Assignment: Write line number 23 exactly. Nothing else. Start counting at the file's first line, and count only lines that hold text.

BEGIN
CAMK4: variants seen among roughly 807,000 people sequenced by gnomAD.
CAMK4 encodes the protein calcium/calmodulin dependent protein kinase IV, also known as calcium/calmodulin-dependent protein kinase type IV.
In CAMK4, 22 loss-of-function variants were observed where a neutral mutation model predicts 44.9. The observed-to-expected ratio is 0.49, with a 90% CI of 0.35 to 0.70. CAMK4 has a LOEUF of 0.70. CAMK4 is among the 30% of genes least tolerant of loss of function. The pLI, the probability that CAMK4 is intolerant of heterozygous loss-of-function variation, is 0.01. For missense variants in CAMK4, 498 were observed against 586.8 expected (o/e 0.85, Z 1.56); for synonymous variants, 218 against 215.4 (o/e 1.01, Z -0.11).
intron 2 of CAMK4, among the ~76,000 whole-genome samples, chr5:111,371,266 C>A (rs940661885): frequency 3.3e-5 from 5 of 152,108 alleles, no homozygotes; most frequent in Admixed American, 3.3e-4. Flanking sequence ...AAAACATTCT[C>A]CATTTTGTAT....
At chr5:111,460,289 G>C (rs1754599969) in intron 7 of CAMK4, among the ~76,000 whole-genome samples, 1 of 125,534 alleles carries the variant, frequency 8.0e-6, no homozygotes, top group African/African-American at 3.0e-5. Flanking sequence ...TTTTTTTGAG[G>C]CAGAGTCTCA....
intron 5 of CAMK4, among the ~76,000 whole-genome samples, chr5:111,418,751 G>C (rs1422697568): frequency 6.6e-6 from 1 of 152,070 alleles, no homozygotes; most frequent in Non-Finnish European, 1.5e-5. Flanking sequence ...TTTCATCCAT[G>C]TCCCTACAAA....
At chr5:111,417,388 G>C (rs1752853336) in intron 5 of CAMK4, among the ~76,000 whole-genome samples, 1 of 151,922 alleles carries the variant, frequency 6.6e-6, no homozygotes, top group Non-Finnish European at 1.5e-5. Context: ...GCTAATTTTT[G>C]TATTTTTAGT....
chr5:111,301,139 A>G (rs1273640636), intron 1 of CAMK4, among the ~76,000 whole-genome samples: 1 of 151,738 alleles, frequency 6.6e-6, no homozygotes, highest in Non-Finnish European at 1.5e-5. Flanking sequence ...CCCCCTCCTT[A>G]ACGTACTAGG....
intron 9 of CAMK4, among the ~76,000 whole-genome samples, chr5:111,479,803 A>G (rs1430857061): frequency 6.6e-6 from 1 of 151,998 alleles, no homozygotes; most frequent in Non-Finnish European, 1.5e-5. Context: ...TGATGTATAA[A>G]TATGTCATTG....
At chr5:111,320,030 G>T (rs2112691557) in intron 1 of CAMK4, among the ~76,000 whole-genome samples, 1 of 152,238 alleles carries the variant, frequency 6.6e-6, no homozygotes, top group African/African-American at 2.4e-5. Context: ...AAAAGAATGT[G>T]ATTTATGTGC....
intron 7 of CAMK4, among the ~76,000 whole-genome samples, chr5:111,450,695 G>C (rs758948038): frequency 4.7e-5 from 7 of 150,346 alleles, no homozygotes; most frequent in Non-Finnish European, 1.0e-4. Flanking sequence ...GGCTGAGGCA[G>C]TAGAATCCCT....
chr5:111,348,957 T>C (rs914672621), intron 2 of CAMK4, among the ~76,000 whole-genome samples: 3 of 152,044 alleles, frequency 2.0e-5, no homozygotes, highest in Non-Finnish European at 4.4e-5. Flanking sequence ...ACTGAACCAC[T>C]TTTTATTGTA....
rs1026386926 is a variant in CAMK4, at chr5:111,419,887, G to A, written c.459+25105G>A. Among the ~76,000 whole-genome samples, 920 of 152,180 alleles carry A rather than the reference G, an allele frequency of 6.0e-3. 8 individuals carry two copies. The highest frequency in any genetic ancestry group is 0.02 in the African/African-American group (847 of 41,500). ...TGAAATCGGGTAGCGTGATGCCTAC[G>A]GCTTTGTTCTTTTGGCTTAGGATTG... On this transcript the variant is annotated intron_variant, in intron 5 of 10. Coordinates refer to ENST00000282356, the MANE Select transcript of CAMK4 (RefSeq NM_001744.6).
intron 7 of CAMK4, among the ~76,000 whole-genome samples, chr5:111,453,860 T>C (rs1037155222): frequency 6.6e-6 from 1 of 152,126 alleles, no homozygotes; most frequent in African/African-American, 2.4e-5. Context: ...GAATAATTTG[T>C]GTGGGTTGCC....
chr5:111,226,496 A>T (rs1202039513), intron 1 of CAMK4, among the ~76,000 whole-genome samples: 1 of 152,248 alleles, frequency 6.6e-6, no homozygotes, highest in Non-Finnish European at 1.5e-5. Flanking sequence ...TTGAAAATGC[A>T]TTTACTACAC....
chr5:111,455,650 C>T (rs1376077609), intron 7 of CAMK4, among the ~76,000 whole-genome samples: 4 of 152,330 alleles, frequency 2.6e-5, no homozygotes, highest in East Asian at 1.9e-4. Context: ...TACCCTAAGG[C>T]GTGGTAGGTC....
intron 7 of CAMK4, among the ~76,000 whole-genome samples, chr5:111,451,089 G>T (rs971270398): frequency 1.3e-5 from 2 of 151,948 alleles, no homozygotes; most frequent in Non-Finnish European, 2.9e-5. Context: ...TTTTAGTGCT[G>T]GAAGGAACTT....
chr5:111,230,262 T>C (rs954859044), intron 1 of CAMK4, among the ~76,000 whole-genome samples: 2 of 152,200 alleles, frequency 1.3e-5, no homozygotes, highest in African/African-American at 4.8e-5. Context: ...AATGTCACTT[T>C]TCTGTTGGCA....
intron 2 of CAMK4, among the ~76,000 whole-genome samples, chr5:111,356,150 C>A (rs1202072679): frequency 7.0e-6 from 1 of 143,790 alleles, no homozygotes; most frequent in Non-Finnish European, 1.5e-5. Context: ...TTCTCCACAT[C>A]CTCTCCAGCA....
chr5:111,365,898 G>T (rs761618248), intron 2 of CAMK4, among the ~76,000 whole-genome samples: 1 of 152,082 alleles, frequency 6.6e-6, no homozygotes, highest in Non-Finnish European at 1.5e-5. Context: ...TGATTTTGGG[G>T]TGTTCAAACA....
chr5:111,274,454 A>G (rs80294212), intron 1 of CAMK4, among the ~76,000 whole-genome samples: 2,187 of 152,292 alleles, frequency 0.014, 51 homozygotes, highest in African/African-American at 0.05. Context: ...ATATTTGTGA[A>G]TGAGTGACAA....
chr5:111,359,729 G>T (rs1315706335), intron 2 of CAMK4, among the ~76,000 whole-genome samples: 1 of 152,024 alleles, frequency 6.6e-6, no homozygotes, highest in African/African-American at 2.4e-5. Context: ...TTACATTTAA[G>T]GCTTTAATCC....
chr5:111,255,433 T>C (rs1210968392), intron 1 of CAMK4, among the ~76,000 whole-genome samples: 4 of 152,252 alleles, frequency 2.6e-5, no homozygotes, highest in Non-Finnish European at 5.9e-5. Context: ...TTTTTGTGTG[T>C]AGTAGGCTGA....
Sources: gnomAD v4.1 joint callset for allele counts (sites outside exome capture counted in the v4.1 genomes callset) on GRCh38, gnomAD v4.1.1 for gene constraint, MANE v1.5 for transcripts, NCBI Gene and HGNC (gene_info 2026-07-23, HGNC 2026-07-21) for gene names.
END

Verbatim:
chr5:111,255,433 T>C (rs1210968392), intron 1 of CAMK4, among the ~76,000 whole-genome samples: 4 of 152,252 alleles, frequency 2.6e-5, no homozygotes, highest in Non-Finnish European at 5.9e-5. Context: ...TTTTTGTGTG[T>C]AGTAGGCTGA....